of the Defendants actually violated RESPA. The RICO claims are thus “bound up” in the

alleged RESPA violations.

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RESPA, however, does provide a right of action for title agents like Empire. Instead,

Congress gave only consumers and state and federal officials the right to enforce RESPA’s

prohibitions through private suits and/or criminal proceedings. 12 U.S.C. § 2607(d)(1), (2), (4).

This, combined with the fact that Congress did not define “racketeering activity” to include

RESPA violations, demonstrates that Congress did not intend to allow commercial entities like

Empire to bring RICO claims based on alleged RESPA violations. Accordingly, the Court

should dismiss all of the RICO counts.

B. Empire Has Offered No Factual Allegations That Would Show How the Alleged
RICO Violations Proximately Caused Empire’s Alleged Injuries.

To plead a viable RICO claim, a plaintiff must plead three elements: (1) a RICO

violation; (2) “injury to his business or property,” 18 U.S.C. § 1964(c); and (3) proximate cause,

which requires a “direct relation” linking the first two elements. Holmes v. Secs. Inv. Prot.

Corp., 503 U.S. 258, 268 (1992). Pleading “but for” causation is not sufficient. Hemi Group,

130 S. Ct. 989 (citing Holmes). Nor is “[a] link that is too remote, purely contingent, or

indirect.” Id. (internal quotation marks and alterations omitted).

The Court should dismiss all of Empire’s RICO counts because proximate cause is

altogether lacking. Empire’s theory is that Defendants directly injured borrowers by requiring

them to use Vista and inflating their settlement charges through an alleged “referral scheme,”

which Defendants carried out by sending allegedly fraudulent documents to borrowers. But

Empire’s claimed harm—losing business referrals from FTM—is wholly speculative and has

nothing to do with the alleged RICO violations.

1. Empire has not, and cannot, allege any direct injury resulting from
Defendants’ purported RESPA violations.

Supreme Court precedent confirms that the harm Empire alleges is too indirect to support

a RICO claim. In defining RICO’s proximate-cause standard, Holmes identified three problems

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that arise when, as here, an alleged harm is too attenuated from the alleged violation. First, it is

difficult to determine the amount of the plaintiff’s injury attributable to the violation, as distinct

from other, independent factors. Second, apportioning damages among different plaintiffs is

excessively complicated. Third, parties who are more directly injured often sue, creating a risk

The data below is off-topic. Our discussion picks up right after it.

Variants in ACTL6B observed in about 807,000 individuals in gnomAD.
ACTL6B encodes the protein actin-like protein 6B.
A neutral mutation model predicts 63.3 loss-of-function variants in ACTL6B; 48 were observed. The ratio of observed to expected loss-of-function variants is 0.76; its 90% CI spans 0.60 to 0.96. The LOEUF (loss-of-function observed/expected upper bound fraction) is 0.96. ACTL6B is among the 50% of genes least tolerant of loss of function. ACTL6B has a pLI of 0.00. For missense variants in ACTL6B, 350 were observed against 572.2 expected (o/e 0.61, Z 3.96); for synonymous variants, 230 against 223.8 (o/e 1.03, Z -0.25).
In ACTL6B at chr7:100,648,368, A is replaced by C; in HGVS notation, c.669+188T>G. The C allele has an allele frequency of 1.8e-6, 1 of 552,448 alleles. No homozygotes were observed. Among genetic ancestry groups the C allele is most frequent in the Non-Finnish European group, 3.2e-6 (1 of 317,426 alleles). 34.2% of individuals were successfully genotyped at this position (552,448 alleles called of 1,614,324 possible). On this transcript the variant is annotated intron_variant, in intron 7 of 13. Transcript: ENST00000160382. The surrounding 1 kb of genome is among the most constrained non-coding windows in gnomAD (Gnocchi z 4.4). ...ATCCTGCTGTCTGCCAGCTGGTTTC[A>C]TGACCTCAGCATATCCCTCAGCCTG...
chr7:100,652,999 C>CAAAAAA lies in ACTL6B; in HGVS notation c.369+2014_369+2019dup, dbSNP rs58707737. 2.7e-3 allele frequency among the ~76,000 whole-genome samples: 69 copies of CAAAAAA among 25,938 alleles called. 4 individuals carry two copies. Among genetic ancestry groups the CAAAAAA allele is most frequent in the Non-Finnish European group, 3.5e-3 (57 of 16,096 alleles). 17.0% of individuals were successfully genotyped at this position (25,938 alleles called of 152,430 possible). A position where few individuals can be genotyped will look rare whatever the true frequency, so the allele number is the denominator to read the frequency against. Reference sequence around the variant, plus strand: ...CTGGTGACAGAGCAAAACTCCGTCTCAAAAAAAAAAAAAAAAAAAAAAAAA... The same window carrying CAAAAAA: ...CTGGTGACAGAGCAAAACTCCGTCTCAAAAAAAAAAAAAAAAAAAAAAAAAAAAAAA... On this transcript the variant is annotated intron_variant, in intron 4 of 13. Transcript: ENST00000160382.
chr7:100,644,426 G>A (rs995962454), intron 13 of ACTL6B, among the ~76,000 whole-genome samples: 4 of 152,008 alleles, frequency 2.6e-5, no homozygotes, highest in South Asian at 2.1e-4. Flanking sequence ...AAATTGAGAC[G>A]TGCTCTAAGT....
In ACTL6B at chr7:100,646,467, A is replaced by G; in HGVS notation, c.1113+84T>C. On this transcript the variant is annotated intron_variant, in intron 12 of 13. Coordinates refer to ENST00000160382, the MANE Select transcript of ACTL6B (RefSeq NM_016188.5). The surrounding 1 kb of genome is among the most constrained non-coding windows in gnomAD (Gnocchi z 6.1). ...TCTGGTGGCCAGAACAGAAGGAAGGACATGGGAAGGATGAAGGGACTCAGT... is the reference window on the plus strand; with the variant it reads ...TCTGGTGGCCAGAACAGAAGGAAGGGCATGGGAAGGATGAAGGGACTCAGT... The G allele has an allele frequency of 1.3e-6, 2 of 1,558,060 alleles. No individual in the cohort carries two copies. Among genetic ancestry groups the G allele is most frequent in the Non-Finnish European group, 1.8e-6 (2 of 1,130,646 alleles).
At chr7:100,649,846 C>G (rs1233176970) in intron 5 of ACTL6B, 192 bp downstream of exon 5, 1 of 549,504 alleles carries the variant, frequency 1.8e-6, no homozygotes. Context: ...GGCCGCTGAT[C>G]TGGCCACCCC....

of multiple recovery. 503 U.S. at 269–70. As Holmes recognized, “the need to grapple with

these problems is simply unjustified by the interest in deterring injurious conduct, since directly

injured victims can generally be counted on to vindicate the law as private attorneys general.”

Id.

Courts have applied this analysis as a three-prong test for determining whether a plaintiff

has sufficiently pled proximate cause. See, e.g., Anza v. Ideal Steel Supply Corp., 547 U.S. 451,

459–60 (2006); City of Cleveland v. Ameriquest Mortg. Secs., Inc., 615 F.3d 496, 503–06

(6th Cir. 2010); Ass’n of Wash. Pub. Hosp. Dists. v. Philip Morris, Inc., 241 F.3d 696, 701–02

(9th Cir. 2001). Empire fails all three prongs.

a. Empire’s damages theory is too speculative.

It is impossible to calculate Empire’s damages because its alleged injury is inherently

speculative. Specifically, Empire seeks lost revenues that it claims it would have received from

closing FTM loan transactions if FTM referred title work to Empire, and not to its affiliate Vista.

But Empire does not allege that it had any contractual or property right to that business; it merely

had an expectancy interest in servicing future FTM transactions. Nor does Empire allege any

method for determining which transactions it—rather than Vista, a cooperating settlement agent,

or a different member of the putative class—would have received. Moreover, whether Empire

suffered any harm depends on the actions of independent third parties (i.e., the borrowers

themselves) that break the causal chain. In such a situation, both the amount of damages and

whether Empire suffered any damaged are too speculative to support recovery.

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To recover under RICO for a lost business opportunity, the plaintiff must demonstrate

that it would have received the business in question and must offer a reasonable method for

calculating its lost profits. When plaintiffs fail to do either, courts reject their claims. For

instance, in Strates Shows, Inc. v. Amusements of America, Inc., 379 F. Supp. 2d 817 (E.D.N.C.

2005), the plaintiff alleged that it was not awarded certain government contracts because of the

defendant’s racketeering activity. The court concluded that such a lost business opportunity was

too speculative and dismissed the plaintiff’s RICO claims accordingly. It reasoned that without a

“definite pre-existing contractual right” to obtain the business, the plaintiff’s “expectancy

interest” was not sufficiently concrete to support a RICO claim. Id. at 828.

The Sixth Circuit rejected a similar “lost business opportunity” RICO claim in Grantham